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Tensegrity or tensional integrity is a type of structure with an integrity based on a balance between tension and compression components. In a tensegrity structure the compressive members are connected to each other by tensile members.

The term tensegrity was coined by Buckminster Fuller.



Tensegrity structures are structures based on the combination of a few simple but subtle and deep design patterns:

  • loading members only in pure compression or pure tension, meaning the structure will only fail if the cables yield or the rods buckle
  • preload or tensional prestress, which allows cables to be rigid in tension
  • mechanical stability, which allows the members to remain in tension/compression as stress on the structure increases

Because of these patterns, no structural member experiences a bending moment. This can produce exceptionally rigid structures for their mass and for the cross section of the components.

A conceptual building block of tensegrity is seen in the 1951 Skylon tower. The long tower is held in place at one end by only three cables. At the bottom end, exactly three cables are needed to fully determine the position of the bottom end of the spire so long as the spire is loaded in compression. Two cables would be unstable, like a person on a slackrope; one cable is just the limit case of two cables when the two cables are anchored in the same place.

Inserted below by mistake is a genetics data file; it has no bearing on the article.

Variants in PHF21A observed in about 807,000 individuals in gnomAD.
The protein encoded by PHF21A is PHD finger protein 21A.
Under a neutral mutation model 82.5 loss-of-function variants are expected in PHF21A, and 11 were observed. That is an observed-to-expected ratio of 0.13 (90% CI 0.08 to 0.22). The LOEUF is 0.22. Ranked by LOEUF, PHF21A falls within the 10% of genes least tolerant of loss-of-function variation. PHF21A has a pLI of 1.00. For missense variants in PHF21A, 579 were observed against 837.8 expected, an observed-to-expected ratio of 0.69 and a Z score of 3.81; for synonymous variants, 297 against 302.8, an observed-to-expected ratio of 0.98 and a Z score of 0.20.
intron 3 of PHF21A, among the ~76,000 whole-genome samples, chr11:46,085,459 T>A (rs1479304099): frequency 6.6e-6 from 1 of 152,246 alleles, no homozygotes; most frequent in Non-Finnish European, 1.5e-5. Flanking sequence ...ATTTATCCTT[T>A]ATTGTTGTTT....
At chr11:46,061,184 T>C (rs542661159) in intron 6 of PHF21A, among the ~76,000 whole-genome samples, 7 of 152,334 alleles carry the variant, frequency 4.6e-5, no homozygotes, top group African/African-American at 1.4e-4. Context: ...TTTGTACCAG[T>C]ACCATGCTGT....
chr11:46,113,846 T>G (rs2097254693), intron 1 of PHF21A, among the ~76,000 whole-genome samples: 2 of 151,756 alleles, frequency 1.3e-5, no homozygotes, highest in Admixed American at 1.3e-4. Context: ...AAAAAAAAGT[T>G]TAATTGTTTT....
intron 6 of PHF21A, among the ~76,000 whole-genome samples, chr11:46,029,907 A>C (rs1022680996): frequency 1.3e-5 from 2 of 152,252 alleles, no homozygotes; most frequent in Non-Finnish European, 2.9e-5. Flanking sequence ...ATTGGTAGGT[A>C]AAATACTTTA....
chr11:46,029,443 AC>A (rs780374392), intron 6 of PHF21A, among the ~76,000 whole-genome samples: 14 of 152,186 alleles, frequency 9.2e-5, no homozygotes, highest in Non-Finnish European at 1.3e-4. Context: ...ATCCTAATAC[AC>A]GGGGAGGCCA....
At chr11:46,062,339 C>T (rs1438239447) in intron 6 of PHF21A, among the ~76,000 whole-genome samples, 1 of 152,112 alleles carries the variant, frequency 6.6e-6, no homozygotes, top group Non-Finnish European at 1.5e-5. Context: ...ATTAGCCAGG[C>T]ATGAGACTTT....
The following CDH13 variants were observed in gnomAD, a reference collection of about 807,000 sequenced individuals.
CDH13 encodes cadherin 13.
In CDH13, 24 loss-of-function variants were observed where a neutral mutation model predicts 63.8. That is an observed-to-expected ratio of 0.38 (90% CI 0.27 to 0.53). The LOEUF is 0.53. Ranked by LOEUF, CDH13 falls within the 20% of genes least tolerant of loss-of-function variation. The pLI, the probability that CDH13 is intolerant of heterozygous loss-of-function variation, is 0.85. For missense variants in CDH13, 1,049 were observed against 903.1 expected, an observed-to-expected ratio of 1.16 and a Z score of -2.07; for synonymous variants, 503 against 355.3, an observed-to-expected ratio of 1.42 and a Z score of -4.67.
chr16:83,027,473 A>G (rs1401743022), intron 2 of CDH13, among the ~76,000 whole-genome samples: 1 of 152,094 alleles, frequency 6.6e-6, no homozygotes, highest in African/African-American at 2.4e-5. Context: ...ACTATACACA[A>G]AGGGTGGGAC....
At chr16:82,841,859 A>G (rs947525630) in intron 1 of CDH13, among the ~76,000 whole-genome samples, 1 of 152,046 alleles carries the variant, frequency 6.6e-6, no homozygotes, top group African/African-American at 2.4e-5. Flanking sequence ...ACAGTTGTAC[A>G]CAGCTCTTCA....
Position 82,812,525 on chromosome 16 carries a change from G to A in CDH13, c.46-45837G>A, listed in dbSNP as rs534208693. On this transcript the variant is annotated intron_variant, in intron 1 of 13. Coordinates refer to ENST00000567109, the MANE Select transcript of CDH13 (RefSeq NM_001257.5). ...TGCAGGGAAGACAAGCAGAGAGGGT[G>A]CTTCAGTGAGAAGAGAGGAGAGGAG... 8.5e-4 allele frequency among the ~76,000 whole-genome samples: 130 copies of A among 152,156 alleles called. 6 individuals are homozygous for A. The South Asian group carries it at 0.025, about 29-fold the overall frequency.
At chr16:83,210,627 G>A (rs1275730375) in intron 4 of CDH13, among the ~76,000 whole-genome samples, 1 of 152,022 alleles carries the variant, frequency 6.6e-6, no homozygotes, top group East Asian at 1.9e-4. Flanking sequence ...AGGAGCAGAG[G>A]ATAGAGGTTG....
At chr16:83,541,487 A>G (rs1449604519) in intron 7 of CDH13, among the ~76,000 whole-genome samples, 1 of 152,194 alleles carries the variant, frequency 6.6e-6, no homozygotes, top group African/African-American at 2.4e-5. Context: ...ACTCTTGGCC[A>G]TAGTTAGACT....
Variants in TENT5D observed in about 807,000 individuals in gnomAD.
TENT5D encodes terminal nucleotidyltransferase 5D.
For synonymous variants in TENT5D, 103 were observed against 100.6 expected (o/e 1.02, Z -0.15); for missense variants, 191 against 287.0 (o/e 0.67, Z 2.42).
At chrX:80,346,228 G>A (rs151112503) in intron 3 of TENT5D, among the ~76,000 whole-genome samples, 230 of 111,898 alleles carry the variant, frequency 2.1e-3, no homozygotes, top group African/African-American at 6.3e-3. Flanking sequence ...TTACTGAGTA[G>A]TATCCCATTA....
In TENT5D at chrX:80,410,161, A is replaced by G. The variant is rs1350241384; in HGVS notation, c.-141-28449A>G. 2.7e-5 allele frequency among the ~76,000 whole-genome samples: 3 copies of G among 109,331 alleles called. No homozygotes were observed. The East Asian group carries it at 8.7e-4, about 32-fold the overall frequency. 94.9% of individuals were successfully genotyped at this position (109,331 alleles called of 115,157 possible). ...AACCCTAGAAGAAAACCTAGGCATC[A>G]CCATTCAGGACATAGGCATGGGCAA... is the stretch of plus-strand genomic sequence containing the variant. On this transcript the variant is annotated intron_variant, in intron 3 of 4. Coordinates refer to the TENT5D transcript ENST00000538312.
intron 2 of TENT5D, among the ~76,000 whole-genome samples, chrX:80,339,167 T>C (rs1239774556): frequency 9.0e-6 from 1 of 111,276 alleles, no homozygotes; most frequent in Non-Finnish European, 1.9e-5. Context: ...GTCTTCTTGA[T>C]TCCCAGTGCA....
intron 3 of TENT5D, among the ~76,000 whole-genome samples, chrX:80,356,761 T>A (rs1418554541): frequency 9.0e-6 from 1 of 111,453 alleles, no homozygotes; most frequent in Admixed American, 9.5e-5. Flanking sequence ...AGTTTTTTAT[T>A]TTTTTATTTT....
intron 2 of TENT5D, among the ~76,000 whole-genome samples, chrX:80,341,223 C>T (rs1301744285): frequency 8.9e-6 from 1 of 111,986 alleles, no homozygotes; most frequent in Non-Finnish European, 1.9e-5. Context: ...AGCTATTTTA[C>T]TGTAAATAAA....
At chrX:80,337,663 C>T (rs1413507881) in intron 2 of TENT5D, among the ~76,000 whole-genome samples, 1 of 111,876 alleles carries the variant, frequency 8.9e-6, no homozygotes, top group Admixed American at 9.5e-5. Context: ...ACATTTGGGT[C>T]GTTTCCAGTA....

A simple three-rod tensegrity structure (shown) builds on this: locally, each end of each rod looks like the bottom of the Skylon tower. As long as the angle between any two cables is smaller than 180° as seen looking along the rod, the position of the rod is well defined. What may not be immediately obvious is that because this is true for all six rod ends, the structure as a whole is stable. Variations such as Needle Tower involve more than three cables meeting at the end of a rod, but these can be thought of as three cables defining the position of that rod end with the additional cables simply attached to that well-defined point in space.

Eleanor Hartley points out visual transparency as an important aesthetic quality of these structures.[1]

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